Tips on hard braking practice?

Discussion in 'The Perfect Line and Other Riding Myths' started by Stonefly, May 10, 2012.

  1. Stonefly

    Stonefly Been here awhile

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    I signed up for the MSF Basic Rider Course 2 a week from Saturday. This got me thinking that I should be practicing my hard braking and avoidance maneuvers a lot more than i do. Do you have any tips on how to get the most out of these particular skill building techniques? Usually I just run up to the local church parking lot, get up to about 40mph, and try to stop in the shortest distance possible while remaining under control. But I feel like I'm missing something, like I'm not getting the kind of experience from this that I should. Im interested in how y'all practice your hard braking and avoidance maneuvers. Anything in particular I should be focusing on? Any bad habits I need to avoid?
    #1
  2. shaddix

    shaddix Banned

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    That's exactly the thing I do too. Interested to hear if you're doing anything wrong.. or if you could be doing more
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  3. helion42

    helion42 Been here awhile

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    This Gymkhana stuff was posted in another thread, looks like you could get good practice for everything out of it.
    http://www.advrider.com/forums/showthread.php?t=788591

    or, directly to the Youtube vid of it: http://youtu.be/nIRFXv7W5yE

    I used to do cone practice on my scooter all the time, nothing this extreme tho, but it definitely helps. Lots of stuff you can get out of an empty parking lot and some small marker cones, like setting up a straight run w/ an obstacle, or setting it up to measure your stopping distance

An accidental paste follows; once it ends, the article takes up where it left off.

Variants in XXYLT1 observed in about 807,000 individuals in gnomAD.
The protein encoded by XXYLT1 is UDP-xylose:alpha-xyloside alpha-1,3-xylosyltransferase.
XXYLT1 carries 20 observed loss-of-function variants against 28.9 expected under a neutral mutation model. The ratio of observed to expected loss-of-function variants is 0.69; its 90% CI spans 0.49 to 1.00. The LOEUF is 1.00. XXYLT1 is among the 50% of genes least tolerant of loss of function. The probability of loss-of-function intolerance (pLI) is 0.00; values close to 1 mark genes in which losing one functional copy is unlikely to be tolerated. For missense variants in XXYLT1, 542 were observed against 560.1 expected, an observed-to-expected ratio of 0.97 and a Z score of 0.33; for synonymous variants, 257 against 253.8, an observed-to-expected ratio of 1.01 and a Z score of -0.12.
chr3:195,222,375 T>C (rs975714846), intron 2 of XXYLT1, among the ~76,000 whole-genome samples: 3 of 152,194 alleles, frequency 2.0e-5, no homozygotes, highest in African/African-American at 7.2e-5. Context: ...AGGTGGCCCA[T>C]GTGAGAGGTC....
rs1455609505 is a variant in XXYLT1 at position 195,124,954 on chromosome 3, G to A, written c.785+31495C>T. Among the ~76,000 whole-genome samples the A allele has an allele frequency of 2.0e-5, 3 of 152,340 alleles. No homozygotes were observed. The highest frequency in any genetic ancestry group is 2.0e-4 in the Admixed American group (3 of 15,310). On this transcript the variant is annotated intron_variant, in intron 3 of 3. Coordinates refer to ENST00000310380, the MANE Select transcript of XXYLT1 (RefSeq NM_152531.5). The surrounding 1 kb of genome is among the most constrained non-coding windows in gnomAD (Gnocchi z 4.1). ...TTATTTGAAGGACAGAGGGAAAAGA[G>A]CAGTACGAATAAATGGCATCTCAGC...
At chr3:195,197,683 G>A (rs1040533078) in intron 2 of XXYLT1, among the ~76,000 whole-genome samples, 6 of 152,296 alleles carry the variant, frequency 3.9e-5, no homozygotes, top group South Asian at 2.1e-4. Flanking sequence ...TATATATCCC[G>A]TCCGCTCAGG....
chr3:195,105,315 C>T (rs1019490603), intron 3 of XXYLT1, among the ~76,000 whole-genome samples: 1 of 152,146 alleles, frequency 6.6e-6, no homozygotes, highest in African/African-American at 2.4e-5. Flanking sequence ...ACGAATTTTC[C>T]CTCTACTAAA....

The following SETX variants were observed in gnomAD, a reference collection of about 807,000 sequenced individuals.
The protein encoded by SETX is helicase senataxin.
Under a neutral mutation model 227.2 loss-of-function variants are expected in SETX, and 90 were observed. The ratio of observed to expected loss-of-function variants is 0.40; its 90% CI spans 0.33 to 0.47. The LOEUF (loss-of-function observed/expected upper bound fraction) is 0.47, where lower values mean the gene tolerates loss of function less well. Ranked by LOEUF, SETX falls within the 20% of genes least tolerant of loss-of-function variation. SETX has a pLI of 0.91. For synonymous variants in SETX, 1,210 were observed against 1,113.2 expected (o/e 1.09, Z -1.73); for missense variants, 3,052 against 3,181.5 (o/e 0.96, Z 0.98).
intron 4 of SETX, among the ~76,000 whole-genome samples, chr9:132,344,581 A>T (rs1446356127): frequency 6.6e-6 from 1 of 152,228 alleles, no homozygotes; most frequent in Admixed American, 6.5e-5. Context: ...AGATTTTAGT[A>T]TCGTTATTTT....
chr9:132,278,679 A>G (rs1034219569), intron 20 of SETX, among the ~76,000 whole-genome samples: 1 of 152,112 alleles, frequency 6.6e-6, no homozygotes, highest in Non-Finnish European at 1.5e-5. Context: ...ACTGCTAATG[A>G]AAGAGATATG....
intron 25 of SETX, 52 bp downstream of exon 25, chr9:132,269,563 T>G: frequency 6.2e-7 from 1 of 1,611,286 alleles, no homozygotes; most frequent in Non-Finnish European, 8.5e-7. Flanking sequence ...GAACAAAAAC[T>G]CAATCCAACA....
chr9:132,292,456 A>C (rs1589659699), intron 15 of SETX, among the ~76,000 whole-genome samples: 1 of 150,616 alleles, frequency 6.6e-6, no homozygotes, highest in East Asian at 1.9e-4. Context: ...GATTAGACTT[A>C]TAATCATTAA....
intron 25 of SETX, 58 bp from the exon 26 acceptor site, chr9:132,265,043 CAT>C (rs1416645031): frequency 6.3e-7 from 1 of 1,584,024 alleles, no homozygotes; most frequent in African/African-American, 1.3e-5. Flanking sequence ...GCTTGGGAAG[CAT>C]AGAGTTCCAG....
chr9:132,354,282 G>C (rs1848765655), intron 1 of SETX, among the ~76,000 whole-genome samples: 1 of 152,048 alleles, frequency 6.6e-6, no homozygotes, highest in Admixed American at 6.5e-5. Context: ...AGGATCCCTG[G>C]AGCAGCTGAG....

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  4. Harvey Krumpet

    Harvey Krumpet Long timer

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    :roflIt just so happens that I had the opportunity to do exercises for "correct braking" technique & avoidance maneuvers recently.
    For braking,find a grippy open area to practice (obviously) & start with your technique. I ride a TDM & need both brakes, a sports bike more front, a cruiser likes the back more.
    Set up a braking marker so you can gauge your progress. I was told to use 4 fingers on the front brake after a life time of using 2, felt weird at first but is better. Your little finger is the most sensitive of the bunch, it avoids you squishing fingers if your brakes are soft & most importantly you have to close the throttle to brake, I started with 2 fingers & without realising it I was holding the throttle slightly open. The technique when you have the lever covered is as simple as making a fist.
    Start gently, loading the forks before you really squeeze, giving the front tire a chance to maximise it's grip, apply the rear brake as your loading up. Adjust the rear if it locks easily, same with the front, if you can't get four fingers on it, adjust it.
    Get your technique right & comfortable before you try an emergency stop, decrease your braking distance gradually.
    I found with my Pirelli Scorpion front tire that I can hear it when it is about to lock up, a shuush sound, it also leaves rubber on the road without locking up too. Not a lot of braking left at this point.Practice somewhere flat so if you do lock the front you can release the brake still going straight, a camber will hurt you.